Cybersecurity solutions provider AttackIQ announced a strategic partnership with managed detection and response services firm Ackcent to provide breach and attack simulation (BAS) and continuous security validation (CSV) to customers across Europe. Industry experts opined that the partnership allows both the companies to meet the growing cybersecurity market demand in Europe and enhance customers’ security capabilities against evolving cyberthreats.
The alliance also enables customers to understand how to thwart the tactics, techniques, and procedures (TTPs) used by cybercriminals.
AttackIQ offers cloud-based software-as-a-service (SaaS) platform allowing managed security service providers (MSSPs) to provide additional BAS services to its customers. Its wide range of managed detection and response (MDR) services help organizations in threat monitoring, detection, and response capabilities.
Lluis Vera, CEO at Ackcent said, “The industry has hit an inflection point where spending money on technology, people and processes internally is failing them. Lacking real information and in the face of increasing budgetary pressures, organizations are forced to make assumptions and potentially bad decisions about their security. Customers need a solution to identify how systems, people and processes are configured and if they are able to defend against the latest known threats. AttackIQ’s open platform will allow Ackcent to develop its own BAS use-cases and enable new and existing customers to have a threat-informed assessment of their security solutions’ effectiveness.”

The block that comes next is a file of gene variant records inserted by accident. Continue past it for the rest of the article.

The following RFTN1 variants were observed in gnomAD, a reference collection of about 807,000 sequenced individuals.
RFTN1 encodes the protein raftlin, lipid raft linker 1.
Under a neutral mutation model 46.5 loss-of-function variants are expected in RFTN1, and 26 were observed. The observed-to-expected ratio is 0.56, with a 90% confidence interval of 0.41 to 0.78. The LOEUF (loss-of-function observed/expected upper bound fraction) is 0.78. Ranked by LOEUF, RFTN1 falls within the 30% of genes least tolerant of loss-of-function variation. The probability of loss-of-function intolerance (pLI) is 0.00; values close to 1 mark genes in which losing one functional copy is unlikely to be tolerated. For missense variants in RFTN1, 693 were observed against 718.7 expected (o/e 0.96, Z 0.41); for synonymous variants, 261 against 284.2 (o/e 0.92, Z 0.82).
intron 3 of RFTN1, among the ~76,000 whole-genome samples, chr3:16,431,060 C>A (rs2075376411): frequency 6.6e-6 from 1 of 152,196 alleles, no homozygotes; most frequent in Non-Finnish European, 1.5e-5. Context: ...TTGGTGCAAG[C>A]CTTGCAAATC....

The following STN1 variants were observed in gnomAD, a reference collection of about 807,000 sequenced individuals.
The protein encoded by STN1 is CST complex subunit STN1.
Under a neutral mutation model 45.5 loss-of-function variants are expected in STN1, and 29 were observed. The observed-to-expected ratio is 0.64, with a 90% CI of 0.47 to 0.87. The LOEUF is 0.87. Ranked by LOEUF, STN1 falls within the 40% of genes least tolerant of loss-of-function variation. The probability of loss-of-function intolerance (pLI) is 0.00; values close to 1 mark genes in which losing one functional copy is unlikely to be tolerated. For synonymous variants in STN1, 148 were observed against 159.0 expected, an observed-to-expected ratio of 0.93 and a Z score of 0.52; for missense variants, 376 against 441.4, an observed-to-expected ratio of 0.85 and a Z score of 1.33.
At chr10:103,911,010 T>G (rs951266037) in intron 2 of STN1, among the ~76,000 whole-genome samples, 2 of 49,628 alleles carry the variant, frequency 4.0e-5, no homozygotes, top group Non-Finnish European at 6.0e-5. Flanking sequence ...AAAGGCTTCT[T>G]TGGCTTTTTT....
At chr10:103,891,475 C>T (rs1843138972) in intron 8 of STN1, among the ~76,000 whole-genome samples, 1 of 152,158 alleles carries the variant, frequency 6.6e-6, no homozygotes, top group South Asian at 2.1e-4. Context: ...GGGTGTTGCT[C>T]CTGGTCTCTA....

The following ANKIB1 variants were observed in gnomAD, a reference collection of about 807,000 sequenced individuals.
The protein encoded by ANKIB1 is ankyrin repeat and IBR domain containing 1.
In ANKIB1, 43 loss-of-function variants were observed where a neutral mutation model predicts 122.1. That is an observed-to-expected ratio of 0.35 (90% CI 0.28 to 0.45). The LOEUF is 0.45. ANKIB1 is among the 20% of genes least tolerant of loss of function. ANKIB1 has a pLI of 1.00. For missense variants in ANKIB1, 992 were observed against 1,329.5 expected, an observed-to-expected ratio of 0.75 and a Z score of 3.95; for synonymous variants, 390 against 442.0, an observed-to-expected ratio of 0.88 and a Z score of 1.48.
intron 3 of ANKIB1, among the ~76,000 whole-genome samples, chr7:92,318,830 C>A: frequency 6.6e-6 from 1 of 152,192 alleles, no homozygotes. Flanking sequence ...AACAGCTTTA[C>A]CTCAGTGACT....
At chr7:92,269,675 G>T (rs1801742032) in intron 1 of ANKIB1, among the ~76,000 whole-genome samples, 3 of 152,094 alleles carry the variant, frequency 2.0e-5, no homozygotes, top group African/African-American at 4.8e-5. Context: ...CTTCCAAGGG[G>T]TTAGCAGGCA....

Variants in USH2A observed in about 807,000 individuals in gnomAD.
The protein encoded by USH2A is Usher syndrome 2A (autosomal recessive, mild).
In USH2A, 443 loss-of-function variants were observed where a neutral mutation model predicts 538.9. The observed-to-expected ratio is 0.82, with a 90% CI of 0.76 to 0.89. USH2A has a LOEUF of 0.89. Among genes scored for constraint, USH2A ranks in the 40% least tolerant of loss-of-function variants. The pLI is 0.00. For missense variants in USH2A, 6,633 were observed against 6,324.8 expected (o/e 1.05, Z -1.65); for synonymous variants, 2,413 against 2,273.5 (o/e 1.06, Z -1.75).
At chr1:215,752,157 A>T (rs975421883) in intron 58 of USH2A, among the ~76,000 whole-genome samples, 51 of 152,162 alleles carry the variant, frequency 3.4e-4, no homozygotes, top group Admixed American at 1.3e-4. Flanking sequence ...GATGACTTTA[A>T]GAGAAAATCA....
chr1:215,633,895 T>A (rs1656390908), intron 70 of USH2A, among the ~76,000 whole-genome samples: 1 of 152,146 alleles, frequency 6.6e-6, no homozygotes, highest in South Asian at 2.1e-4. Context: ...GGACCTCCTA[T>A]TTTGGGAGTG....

Ross Brewer, strategic advisor of Europe, Middle East and Africa at AttackIQ, said, “Despite spending $100 billion per year on cybersecurity, most CISOs still experience damaging data breaches, due to controls failing silently. So, security control failures become visible and can be corrected, closing the gap to adversaries and making the world safe for compute.”
Europe’s Cyber Readiness
According to a research report, cyberattacks across several verticals in Europe have seen a sharp surge, whereas the cyber readiness of the organizations has come to a halt. The report highlighted that 61% of the firms experienced a cyber incident in the past year, up from 45% in 2018. Financial losses that accounted for $1,67,000 have risen five times to nearly $7,20,000. Despite these alarming numbers, the cyber readiness of the firms seems to be moving at a snail’s pace, as only 10% of the surveyed companies achieved expert status and 74% were tagged as unprepared novices. The survey included nearly 5,400 private and public sector organizations from the U.S., UK, Belgium, France, Germany, Spain, and the Netherlands.